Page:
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Made in Brittany

Inside manufacturing 2018-01-25 Louise Nordström Audrey Bardou

Thanks to a willingness to take risks, an entrepreneurial management and early-adopter philosophy to new technology, French company SMPL has grown from a small, local precision mechanics workshop to a company making its mark on the world.

​On the edge of France’s western coast, at the entrance to the world-famous Gulf of Morbihan, lies the tiny village of Rochefort-en-Terre. Perched on a hilltop, the village of 700 residents is known for its 12th century castle, narrow cobblestoned streets and, above all, its skilled artisans and entrepreneurial spirit.
SMPL (La Société de Mécanique du Pays de Lanvaux), situated a stone’s throw from the village, epitomizes these qualities. The 2,000-square-meter (approx. 21,527 sq. ft.) precision mechanics workshop, founded in 1980, is a regional success story: In the past decade alone, it has doubled its revenues, tripled its staff and quadrupled its workspace. It now serves as a test pilot for Sandvik Coromant’s latest tools and makes customized machine pieces for everything from the agricultural industry to the aeronautics sector. And it has gone from being a local market in Brittany to a company with its sights on the world, shipping to such countries as China, Brazil and South Africa.
The transformation can be credited to Olivier Goëtinck, a dynamic young entrepreneur from a nearby village. Goëtinck knew about mechanical workshops. He bought his first one when he was 32. SMPL was his second, bought two years later. He incorporated a third shortly afterwards.

​“When I came along, SMPL was just a cutting workshop with 12 staff,” recalls Goëtinck, now director as well as owner. “The owners were retiring, and the company wasn’t growing anymore or renewing. If we had continued in the same way, we wouldn’t be here today.”
SMPL’s turnaround began with a risk. “I’ve always taken risks and it’s paid off,” Goëtinck explains. “If you don’t take them, you won’t get anywhere.” But this risk almost backfired.
About five years ago, a company that specialized in robot cells – and one of the market leaders in deburring cast parts for world-famous automobile brands such as Renault and Peugeot – offered SMPL a major deal. SMPL accepted – the company was eager to break into a new market – but soon things got complicated.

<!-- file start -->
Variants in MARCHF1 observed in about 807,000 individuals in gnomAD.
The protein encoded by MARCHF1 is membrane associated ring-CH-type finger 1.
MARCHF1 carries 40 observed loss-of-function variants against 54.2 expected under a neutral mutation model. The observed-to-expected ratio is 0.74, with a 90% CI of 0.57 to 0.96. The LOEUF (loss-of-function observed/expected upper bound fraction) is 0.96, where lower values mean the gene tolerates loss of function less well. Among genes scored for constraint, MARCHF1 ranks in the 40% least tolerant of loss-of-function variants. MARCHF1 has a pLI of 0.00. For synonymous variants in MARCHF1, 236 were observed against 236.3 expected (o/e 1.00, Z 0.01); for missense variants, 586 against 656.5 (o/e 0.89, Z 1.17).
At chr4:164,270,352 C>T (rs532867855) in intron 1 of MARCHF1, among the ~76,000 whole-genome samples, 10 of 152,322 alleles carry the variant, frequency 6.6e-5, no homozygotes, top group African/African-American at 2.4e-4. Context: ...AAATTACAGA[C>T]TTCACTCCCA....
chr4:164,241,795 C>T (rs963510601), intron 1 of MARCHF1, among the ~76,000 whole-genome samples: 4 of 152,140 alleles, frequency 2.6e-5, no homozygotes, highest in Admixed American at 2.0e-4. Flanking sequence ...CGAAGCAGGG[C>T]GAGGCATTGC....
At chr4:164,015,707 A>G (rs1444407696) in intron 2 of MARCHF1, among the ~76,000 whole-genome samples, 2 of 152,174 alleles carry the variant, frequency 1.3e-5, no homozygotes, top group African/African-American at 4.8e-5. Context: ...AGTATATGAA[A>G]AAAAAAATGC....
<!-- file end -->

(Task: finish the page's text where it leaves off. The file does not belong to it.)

“It was so much work,” Goëtinck’s right-hand man and technical chief, Gérard Jobin, recalls. “We were losing rather than making money because we were spending at least 15 man-hours on each piece. It was hopeless.”

​Not wanting to walk out of the deal, the SMPL team turned to Sandvik Coromant, a brand name they had heard buzzing among competitors, and invested in the group’s Silent Tools range.
“It changed everything,” Jobin says. “All of a sudden we spent just 10 hours on each piece, and the finish was perfect – to the micron.”
The experience marked the start of a significant collaboration between SMPL and Sandvik Coromant. SMPL’s eagerness to try new tools, along with its “early adopter” profile, would eventually result in it becoming a Sandvik Coromant product-testing partner for many systems, including the CoroCut QD, CoroTurn 300, CoroTurn Prime and, most recently, the CoroTurn QDY, which hit the market on October 1, 2017.
“I couldn’t believe it when I first saw the CoroTurn Prime’s prime turning at work,” Jobin says, describing its capacity to turn in all directions. He was so impressed, in fact, that he made a video and posted it online two weeks before the tool’s official launch. By launch day, it had garnered more than 11,000 views.
Josselin Blanchet, of Sandvik Coromant’s French branch, says the SMPL-Sandvik Coromant collaboration is invaluable. “Our partnership is based on a huge amount of confidence and a real exchange of expertise,” Blanchet says. “We’re extremely lucky.”



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